4-H Web Wizard is Recognized for Teaching Efforts

January 3, 2003

HILLSBORO - Pedro Estrada has an unusual New Year's resolution for a 17-year-old. The Portland native and member of the Oregon 4-H Web Wizards club in Washington County has resolved in 2003 to teach others how to build their own low-cost computers.

In January, Estrada will lead a small group of Hispanic adults and teens through the process of assembling a working computer from parts the group will purchase at local computer supply stores.

 The class is a community technology leadership project Estrada is doing as a participant in the national AT&T Young Leaders Program. He is one of 18 young people throughout the country recognized by the program for their technology and leadership skills.

"This is a wonderful honor and recognition of Estrada's hard work to help others," said Lisa Conroy, 4-H faculty in the Washington County office of the Oregon State University Extension Service. "The teaching project he's planning in January will address a huge need in Washington County's Hispanic community."

The AT&T Young Leaders Program annually selects a group of high-school age youth that are actively involved in helping others at Community Technology Centers around the country. Estrada has been volunteering over the past year at Centro Cultural, a non-profit community technology center in Cornelius.

A high school junior, Estrada is already an experienced instructor. He has taught several computer literacy courses to Hispanic adults as part of his activities in the 4-H Web Wizards club. Club organizers Conroy and Cecilia Giron nominated Estrada for the AT&T Young Leaders Program.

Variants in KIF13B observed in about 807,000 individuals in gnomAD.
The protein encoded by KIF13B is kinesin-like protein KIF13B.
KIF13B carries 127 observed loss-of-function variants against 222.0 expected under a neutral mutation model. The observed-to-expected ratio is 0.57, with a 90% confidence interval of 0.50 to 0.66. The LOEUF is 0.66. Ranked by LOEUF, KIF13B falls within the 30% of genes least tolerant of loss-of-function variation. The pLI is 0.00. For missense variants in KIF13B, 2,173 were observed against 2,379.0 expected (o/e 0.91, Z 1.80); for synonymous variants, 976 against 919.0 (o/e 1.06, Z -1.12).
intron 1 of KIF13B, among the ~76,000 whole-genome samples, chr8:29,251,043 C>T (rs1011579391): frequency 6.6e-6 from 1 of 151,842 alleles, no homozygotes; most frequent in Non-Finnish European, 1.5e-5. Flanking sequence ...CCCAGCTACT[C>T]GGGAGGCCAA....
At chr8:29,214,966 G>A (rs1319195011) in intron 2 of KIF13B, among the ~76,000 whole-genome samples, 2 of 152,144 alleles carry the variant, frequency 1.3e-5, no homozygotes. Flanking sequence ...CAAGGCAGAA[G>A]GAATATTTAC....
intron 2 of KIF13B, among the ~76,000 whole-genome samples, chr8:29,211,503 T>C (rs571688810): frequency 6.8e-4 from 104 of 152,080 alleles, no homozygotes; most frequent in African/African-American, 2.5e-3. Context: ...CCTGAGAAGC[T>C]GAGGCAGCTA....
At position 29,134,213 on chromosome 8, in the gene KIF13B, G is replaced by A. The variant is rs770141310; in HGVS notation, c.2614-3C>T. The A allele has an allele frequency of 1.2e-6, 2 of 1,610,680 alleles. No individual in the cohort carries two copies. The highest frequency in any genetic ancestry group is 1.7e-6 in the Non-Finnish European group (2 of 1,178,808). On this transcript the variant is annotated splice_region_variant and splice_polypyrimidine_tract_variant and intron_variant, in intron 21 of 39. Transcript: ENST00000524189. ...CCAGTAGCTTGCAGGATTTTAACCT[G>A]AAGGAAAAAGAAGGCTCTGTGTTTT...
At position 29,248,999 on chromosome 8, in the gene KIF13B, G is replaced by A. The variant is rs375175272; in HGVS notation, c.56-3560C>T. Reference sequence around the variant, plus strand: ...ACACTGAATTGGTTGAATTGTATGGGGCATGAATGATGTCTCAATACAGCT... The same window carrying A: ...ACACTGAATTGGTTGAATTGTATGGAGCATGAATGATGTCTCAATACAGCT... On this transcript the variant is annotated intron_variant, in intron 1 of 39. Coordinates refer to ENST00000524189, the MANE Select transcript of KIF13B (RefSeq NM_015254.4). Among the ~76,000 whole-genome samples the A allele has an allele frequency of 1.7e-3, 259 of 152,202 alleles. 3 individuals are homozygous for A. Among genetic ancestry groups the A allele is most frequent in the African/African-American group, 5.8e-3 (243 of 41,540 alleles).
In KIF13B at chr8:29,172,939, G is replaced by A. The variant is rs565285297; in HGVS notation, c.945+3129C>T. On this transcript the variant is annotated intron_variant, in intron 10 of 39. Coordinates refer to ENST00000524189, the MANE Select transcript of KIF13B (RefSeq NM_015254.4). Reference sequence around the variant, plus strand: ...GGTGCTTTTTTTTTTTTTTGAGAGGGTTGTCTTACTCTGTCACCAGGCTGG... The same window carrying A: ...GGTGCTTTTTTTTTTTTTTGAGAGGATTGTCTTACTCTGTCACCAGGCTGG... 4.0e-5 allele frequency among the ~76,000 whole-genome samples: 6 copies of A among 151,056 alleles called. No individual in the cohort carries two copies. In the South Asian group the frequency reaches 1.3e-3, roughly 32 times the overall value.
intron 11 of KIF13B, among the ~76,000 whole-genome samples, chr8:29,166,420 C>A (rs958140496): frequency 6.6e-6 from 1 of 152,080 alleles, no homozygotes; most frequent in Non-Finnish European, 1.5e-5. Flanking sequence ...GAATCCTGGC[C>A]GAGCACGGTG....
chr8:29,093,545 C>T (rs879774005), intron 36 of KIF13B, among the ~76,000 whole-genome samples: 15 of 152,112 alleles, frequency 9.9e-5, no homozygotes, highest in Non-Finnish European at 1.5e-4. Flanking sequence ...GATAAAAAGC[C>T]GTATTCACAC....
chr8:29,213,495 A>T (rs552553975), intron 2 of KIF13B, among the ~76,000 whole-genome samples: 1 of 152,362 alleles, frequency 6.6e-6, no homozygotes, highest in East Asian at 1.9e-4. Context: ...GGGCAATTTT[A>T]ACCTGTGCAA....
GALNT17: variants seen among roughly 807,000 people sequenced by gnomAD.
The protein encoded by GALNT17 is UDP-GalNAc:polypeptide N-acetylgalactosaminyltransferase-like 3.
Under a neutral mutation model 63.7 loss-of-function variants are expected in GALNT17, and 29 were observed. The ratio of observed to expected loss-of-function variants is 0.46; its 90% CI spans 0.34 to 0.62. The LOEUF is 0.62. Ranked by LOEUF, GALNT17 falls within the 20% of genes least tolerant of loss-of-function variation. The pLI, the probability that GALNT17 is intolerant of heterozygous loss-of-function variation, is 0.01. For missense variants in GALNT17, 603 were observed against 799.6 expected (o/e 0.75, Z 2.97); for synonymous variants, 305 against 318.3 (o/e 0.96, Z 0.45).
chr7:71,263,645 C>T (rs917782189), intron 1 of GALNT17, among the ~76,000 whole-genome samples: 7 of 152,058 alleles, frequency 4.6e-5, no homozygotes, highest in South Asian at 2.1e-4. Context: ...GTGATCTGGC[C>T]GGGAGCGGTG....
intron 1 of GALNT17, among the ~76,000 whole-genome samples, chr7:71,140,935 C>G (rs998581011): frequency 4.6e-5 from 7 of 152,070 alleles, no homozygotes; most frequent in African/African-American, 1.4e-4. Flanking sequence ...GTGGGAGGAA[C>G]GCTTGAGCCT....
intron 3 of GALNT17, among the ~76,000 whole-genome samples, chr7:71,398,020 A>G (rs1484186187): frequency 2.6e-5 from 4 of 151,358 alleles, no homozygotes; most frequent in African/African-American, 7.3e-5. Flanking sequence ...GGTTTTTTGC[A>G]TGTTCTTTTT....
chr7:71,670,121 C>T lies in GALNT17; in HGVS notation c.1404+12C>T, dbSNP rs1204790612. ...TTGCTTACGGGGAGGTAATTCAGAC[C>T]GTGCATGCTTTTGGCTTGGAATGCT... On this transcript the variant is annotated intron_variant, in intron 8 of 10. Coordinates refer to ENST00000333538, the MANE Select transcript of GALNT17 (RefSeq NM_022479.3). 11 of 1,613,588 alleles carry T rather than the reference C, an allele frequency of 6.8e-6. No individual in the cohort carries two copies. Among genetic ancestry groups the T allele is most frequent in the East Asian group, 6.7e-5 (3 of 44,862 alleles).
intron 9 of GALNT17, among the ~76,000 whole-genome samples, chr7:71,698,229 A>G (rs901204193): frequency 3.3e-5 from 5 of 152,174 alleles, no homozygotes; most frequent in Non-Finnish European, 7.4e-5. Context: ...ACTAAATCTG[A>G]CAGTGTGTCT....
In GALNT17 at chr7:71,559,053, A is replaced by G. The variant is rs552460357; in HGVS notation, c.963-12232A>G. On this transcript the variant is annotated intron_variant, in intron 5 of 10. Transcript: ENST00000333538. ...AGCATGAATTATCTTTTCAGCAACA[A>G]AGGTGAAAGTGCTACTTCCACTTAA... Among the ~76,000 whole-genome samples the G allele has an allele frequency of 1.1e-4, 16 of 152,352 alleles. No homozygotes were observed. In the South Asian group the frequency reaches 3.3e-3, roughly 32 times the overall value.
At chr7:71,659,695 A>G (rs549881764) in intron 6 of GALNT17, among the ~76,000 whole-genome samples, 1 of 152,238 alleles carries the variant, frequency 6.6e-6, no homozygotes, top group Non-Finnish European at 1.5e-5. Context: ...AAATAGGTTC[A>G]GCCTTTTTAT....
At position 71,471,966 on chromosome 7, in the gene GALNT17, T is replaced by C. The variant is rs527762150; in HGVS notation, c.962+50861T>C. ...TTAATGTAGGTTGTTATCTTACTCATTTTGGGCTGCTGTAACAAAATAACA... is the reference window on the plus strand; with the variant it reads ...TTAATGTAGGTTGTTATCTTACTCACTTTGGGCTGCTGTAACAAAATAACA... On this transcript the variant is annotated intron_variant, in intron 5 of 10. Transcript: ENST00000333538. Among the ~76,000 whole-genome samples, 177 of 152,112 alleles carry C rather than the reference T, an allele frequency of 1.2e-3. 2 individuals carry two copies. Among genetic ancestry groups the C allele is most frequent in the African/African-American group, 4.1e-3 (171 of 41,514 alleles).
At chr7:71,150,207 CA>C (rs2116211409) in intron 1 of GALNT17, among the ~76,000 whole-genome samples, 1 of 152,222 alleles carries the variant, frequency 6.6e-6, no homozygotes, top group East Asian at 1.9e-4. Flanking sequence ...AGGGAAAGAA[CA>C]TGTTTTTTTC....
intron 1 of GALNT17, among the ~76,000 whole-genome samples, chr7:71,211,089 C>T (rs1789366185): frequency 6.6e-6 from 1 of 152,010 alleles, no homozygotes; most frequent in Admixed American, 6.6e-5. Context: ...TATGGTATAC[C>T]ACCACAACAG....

"Many Hispanics in this area want to buy a home computer but they can't afford it," said Estrada. "If I can help a few people learn how to build a low-cost computer, they can help others to do the same thing and more will have a chance to learn about computers.

"I see a lot of people around me who work in the fields, in restaurants or in offices that could do a lot more if they could use computers," he added. "Knowing about this technology is like opening a door to more opportunities."

Estrada arrived in the United States from Guatemala in 1992. He started learning about computer technology at Wilson High School in Portland. After completing several computer classes, he was invited to help his instructors build a computer lab at Forest Grove High School. He joined the Web Wizards 4-H club last spring to learn more about web-related software and web page design.

"Web Wizards really helped me understand how web pages work and how I can use them," Estrada said. "As a club member, I also got to work with mentors from Intel Corp. [members of the Intel Latino Network in Washington County] who helped us with club projects."

New members in the Web Wizards 4-H Club are required to contribute 15 hours of community service teaching others about computers.

"The teaching component of the club really helps the kids with self-esteem and in being more confident about what they can accomplish," said Conroy.

Estrada agrees. "When I started my 15 hours of payback time teaching computer literacy to others, I wasn't sure I could do it," he said. "Then I began to enjoy the teaching and I realized that this is an important way to help in the community."

Estrada plans to start with five students in his computer-building course and will work with volunteer bilingual mentors from Intel Corp.

"We'll see how it goes and if everything works out we'll invite more learners to participate in the class," said Estrada. "I want to continue as long as there are people there who want to learn."

Author: Bob Rost
Source: Lisa Conroy